August 18, 2015

what makes olga run

author |
Bruce Grierson
year published |
2014

A fascinating look at the way we age today and the extent to which we can shape the process

In What Makes Olga Run? Bruce Grierson explores what the wild success of a ninety-four-year-old track star can tell us about how our bodies and minds age. Olga Kotelko is not your average ninety-four-year-old. She not only looks and acts like a much younger woman, she holds over twenty-three world… read more

The Singularity Is Near: When Humans Transcend Biology

April 9, 2009

The Singularity Is Near cover

author |
Ray Kurzweil
year published |
2005

At the onset of the 21 century, humanity stands on the verge of the most transforming and the most thrilling period in its history. It will be an era in which the very nature of what it means to be human will be both enriched and challenged, as our species breaks the shackles of its genetic legacy and achieves inconceivable heights of intelligence, material progress, and longevity.

For over… read more

Kinematic Self-Replicating Machines

April 9, 2009
author |
Robert A. Freitas Jr., Ralph C. Merkle
year published |
2004

This book offers a general review of the voluminous theoretical and experimental literature pertaining to physical self-replicating systems and self-replication. The principal focus here is on self-replicating machine systems. Most importantly, we are concerned with kinematic self-replicating machines: systems in which actual physical objects, not mere patterns of information, undertake their own replication.

Following a brief burst of activity in the 1950s and 1980s, the field… read more

The Greatest Science Stories Never Told: 100 tales of invention and discovery to astonish, bewilder, and stupefy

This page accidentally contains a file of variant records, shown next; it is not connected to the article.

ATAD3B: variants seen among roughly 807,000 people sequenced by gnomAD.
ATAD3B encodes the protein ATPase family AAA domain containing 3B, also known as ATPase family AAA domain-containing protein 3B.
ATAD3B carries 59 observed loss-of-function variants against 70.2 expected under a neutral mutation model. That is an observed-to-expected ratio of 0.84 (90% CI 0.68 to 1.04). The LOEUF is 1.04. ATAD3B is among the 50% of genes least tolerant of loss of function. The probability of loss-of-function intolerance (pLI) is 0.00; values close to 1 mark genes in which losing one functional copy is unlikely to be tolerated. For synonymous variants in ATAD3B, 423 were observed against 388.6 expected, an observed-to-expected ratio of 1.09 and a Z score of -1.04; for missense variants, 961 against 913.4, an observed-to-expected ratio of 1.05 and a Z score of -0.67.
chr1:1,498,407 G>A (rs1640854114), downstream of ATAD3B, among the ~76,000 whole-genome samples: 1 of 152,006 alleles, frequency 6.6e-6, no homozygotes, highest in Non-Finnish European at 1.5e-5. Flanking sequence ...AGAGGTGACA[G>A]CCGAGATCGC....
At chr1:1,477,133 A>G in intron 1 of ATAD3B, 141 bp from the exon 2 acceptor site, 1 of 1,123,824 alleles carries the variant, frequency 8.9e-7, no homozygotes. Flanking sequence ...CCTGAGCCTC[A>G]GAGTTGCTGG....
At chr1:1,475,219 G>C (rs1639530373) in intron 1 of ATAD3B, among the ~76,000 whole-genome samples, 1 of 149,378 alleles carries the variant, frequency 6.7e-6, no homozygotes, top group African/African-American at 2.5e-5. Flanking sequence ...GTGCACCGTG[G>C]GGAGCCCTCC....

April 3, 2010

the greatest science stories

author |
Rick Beyer
year published |
2009

Amazon | Rick Beyer is a lifelong history enthusiast and an award-winning documentary producer whose work for The History Channel® includes Godspeed to Jamestown, The Wright Challenge, and the Timelab 2000 series of history minutes.

100 tales of invention and discovery:

  • Meet the angry undertaker who gave us the push-button phone.
  • Discover how modesty led to the invention of the stethoscope.
  • Find out why

read more

More Than Human: Embracing the Promise of Biological Enhancement

July 16, 2010

More Than Human: Embracing the Promise of Biological Enhancement

author |
Ramez Naam
year published |
2005

Amazon | Imagine a person severely disabled by a stroke who, with electrodes implanted in his brain, can type on a computer just by thinking of the letters. Or a man, blind for 20 years, driving a car around a parking lot via a camera hard-wired into his brain. Plots for science fiction? No, it’s already happened, according to future technologies expert Naam. In an excellent and comprehensive survey,… read more